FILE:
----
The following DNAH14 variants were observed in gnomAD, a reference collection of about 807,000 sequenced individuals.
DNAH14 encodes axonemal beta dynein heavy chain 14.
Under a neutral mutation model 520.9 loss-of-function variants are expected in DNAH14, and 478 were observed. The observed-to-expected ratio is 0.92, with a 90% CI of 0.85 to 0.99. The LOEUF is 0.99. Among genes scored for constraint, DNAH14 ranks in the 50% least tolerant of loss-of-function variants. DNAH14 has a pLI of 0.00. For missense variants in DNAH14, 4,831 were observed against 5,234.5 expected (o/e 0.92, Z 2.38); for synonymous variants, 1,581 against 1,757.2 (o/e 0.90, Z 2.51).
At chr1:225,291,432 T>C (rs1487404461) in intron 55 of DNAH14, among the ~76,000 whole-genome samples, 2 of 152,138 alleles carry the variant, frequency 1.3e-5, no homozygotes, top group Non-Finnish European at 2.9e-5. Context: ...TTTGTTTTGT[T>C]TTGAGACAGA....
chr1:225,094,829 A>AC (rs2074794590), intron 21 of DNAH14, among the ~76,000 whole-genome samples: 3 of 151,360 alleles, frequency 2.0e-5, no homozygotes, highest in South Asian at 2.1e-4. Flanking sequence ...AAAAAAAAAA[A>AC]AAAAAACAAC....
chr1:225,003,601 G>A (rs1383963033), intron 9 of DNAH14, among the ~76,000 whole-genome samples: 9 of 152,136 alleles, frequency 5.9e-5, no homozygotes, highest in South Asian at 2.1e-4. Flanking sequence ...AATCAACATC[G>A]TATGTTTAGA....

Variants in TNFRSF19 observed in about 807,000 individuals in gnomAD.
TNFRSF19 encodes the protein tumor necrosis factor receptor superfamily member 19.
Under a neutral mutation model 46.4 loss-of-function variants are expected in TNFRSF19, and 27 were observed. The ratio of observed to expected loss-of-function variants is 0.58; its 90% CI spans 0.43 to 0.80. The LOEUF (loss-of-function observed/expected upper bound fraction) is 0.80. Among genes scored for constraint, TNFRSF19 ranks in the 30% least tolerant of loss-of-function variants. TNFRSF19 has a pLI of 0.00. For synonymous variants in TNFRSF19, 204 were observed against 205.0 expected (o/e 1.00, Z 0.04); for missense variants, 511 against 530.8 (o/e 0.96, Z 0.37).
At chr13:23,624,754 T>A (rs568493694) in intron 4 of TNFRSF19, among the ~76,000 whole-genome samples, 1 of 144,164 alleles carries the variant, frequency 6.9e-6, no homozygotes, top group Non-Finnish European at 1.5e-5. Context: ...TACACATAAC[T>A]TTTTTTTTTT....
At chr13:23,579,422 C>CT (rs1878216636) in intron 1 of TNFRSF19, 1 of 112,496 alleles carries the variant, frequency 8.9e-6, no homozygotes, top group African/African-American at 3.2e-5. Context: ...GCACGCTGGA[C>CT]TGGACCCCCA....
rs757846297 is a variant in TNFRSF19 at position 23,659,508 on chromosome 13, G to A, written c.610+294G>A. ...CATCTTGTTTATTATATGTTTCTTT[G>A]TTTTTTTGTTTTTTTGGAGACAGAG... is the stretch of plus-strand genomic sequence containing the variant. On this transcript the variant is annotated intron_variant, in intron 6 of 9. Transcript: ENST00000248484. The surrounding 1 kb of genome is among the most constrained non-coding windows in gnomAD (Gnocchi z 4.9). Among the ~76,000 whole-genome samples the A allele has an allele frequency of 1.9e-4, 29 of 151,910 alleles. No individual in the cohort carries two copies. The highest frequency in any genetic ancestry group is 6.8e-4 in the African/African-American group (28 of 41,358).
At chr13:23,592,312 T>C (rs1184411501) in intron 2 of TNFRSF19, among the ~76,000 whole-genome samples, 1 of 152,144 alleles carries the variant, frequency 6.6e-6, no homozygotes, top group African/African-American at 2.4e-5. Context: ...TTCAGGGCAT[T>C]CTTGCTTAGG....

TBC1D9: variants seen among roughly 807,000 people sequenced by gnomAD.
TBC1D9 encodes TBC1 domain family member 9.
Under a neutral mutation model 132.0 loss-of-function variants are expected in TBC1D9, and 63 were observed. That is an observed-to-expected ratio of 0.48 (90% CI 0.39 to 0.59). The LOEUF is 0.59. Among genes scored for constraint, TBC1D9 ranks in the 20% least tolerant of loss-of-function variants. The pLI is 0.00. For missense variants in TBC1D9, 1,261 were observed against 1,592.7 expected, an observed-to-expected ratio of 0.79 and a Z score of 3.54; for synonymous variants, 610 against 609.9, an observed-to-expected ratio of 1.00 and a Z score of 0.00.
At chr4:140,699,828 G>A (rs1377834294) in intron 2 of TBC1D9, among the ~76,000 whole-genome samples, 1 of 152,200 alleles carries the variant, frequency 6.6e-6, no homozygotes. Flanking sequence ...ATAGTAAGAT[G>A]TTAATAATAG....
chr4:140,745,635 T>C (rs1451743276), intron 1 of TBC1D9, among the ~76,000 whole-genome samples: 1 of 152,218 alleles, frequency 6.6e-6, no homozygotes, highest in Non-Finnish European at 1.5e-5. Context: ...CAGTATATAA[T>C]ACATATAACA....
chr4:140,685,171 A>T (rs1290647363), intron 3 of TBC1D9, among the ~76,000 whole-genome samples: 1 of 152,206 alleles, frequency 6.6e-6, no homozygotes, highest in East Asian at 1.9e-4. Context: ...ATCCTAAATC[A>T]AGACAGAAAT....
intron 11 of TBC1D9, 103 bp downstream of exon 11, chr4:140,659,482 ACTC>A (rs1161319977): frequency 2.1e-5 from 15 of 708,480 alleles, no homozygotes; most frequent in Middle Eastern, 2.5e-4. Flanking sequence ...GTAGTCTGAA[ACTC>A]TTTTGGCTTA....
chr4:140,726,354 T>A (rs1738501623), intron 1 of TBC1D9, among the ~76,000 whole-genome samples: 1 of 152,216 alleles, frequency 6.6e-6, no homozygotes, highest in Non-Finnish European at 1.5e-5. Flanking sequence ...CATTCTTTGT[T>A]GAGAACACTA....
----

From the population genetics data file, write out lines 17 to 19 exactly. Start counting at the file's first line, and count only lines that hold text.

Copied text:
At chr4:140,699,828 G>A (rs1377834294) in intron 2 of TBC1D9, among the ~76,000 whole-genome samples, 1 of 152,200 alleles carries the variant, frequency 6.6e-6, no homozygotes. Flanking sequence ...ATAGTAAGAT[G>A]TTAATAATAG....
chr4:140,745,635 T>C (rs1451743276), intron 1 of TBC1D9, among the ~76,000 whole-genome samples: 1 of 152,218 alleles, frequency 6.6e-6, no homozygotes, highest in Non-Finnish European at 1.5e-5. Context: ...CAGTATATAA[T>C]ACATATAACA....
chr4:140,685,171 A>T (rs1290647363), intron 3 of TBC1D9, among the ~76,000 whole-genome samples: 1 of 152,206 alleles, frequency 6.6e-6, no homozygotes, highest in East Asian at 1.9e-4. Context: ...ATCCTAAATC[A>T]AGACAGAAAT....